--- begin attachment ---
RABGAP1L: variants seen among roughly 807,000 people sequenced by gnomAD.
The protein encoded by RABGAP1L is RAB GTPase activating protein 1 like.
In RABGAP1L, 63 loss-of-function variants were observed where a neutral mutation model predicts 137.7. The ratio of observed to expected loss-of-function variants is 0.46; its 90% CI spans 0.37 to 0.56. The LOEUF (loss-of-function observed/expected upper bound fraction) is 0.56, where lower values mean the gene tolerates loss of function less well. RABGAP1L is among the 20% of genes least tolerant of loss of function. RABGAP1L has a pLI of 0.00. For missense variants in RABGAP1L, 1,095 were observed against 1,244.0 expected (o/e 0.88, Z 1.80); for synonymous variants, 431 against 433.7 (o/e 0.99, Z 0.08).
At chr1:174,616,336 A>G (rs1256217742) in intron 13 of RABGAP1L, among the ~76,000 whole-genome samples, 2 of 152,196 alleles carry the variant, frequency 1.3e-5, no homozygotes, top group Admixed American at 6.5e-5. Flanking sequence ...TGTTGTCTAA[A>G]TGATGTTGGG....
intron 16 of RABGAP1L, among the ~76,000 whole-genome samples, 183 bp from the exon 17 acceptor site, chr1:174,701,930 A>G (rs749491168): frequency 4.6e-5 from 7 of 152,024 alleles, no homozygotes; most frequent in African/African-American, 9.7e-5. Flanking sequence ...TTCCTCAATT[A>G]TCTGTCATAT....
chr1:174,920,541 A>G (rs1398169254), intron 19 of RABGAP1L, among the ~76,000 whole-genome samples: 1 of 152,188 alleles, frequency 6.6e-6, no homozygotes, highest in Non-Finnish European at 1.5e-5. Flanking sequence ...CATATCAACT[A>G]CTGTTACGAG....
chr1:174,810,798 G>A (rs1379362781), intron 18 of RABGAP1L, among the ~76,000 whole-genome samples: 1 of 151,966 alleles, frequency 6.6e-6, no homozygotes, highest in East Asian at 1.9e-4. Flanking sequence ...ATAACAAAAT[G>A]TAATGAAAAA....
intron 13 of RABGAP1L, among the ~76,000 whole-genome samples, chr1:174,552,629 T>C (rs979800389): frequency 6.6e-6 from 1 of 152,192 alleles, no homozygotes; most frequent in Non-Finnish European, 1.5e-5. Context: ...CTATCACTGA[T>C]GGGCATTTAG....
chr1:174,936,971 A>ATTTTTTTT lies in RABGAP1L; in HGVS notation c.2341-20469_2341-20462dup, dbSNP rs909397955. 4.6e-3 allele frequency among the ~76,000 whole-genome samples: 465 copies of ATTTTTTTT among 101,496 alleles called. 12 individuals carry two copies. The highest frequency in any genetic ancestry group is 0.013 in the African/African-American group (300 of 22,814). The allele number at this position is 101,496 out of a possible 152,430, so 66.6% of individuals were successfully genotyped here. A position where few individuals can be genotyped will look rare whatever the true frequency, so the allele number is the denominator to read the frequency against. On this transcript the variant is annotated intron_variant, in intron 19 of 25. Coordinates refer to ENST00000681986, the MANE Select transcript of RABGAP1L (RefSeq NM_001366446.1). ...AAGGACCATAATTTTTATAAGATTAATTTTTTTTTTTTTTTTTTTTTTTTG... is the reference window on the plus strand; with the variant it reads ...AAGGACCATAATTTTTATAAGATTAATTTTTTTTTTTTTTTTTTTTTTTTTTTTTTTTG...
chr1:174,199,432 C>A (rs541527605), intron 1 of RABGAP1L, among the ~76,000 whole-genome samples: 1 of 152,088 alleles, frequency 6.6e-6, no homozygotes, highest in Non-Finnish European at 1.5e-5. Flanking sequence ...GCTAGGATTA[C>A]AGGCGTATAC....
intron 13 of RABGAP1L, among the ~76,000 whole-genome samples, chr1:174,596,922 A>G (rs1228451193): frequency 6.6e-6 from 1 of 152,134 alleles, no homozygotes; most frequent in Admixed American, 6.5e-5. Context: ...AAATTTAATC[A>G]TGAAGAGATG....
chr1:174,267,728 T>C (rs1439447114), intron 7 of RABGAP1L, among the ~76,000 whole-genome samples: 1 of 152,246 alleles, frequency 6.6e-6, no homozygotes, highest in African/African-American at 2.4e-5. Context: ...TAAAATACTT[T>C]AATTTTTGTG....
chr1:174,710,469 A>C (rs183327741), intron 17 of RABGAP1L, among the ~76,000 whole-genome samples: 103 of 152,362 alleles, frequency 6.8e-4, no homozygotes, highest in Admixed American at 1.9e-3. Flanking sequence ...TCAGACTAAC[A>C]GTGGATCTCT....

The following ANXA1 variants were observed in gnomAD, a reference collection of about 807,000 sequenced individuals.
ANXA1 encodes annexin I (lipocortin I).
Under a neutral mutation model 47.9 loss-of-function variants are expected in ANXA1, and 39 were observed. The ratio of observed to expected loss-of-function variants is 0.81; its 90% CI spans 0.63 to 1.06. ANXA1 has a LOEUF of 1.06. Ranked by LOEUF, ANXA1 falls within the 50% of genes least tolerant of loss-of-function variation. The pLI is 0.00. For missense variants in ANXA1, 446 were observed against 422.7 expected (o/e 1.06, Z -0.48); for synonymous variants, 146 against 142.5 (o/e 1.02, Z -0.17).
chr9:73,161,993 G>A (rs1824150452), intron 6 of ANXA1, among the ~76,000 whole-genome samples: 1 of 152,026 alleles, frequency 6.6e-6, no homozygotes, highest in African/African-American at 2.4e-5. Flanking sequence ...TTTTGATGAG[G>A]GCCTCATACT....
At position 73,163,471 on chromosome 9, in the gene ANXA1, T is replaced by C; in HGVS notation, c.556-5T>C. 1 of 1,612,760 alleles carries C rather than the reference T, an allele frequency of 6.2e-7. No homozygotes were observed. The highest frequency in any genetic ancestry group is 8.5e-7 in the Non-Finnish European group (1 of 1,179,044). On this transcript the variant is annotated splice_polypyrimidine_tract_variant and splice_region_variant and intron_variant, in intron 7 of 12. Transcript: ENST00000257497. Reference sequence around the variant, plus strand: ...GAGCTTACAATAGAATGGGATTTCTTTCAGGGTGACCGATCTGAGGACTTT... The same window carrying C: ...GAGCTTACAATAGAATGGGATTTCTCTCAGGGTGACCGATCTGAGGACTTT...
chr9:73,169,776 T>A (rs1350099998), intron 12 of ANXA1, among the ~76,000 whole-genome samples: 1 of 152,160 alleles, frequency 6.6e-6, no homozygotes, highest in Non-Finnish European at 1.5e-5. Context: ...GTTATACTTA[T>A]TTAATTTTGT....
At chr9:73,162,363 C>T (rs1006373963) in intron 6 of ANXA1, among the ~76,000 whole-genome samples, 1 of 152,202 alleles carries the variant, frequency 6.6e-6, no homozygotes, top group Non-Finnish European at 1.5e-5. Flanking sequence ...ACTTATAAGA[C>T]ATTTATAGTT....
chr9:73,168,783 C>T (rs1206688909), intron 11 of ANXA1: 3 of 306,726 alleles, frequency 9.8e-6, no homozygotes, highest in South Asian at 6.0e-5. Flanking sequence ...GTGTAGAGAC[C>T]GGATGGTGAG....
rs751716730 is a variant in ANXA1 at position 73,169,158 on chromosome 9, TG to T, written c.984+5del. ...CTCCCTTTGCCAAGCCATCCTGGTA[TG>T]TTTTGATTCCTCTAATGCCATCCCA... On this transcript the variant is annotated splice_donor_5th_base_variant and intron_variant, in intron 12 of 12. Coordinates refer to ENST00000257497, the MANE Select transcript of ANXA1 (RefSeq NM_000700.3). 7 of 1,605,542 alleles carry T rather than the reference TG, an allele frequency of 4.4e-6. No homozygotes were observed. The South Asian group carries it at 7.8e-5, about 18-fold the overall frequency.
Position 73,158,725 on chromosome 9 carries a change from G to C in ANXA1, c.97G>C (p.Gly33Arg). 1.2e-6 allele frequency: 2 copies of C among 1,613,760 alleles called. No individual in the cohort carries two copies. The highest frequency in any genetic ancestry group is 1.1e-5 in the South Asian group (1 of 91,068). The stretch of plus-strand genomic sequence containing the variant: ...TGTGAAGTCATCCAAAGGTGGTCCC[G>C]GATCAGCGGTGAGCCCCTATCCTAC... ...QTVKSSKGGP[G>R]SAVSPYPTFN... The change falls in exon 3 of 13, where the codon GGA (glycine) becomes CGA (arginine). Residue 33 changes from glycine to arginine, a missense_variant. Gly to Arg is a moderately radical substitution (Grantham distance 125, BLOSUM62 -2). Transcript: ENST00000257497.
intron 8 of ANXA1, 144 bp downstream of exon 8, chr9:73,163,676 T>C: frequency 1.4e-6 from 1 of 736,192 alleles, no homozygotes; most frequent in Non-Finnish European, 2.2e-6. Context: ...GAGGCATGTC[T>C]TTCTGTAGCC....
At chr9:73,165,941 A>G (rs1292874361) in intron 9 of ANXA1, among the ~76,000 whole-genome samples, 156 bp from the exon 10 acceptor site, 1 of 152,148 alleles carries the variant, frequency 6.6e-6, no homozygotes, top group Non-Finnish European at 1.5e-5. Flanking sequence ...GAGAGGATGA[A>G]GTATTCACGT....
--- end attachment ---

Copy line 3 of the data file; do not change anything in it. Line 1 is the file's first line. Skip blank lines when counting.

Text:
In RABGAP1L, 63 loss-of-function variants were observed where a neutral mutation model predicts 137.7. The ratio of observed to expected loss-of-function variants is 0.46; its 90% CI spans 0.37 to 0.56. The LOEUF (loss-of-function observed/expected upper bound fraction) is 0.56, where lower values mean the gene tolerates loss of function less well. RABGAP1L is among the 20% of genes least tolerant of loss of function. RABGAP1L has a pLI of 0.00. For missense variants in RABGAP1L, 1,095 were observed against 1,244.0 expected (o/e 0.88, Z 1.80); for synonymous variants, 431 against 433.7 (o/e 0.99, Z 0.08).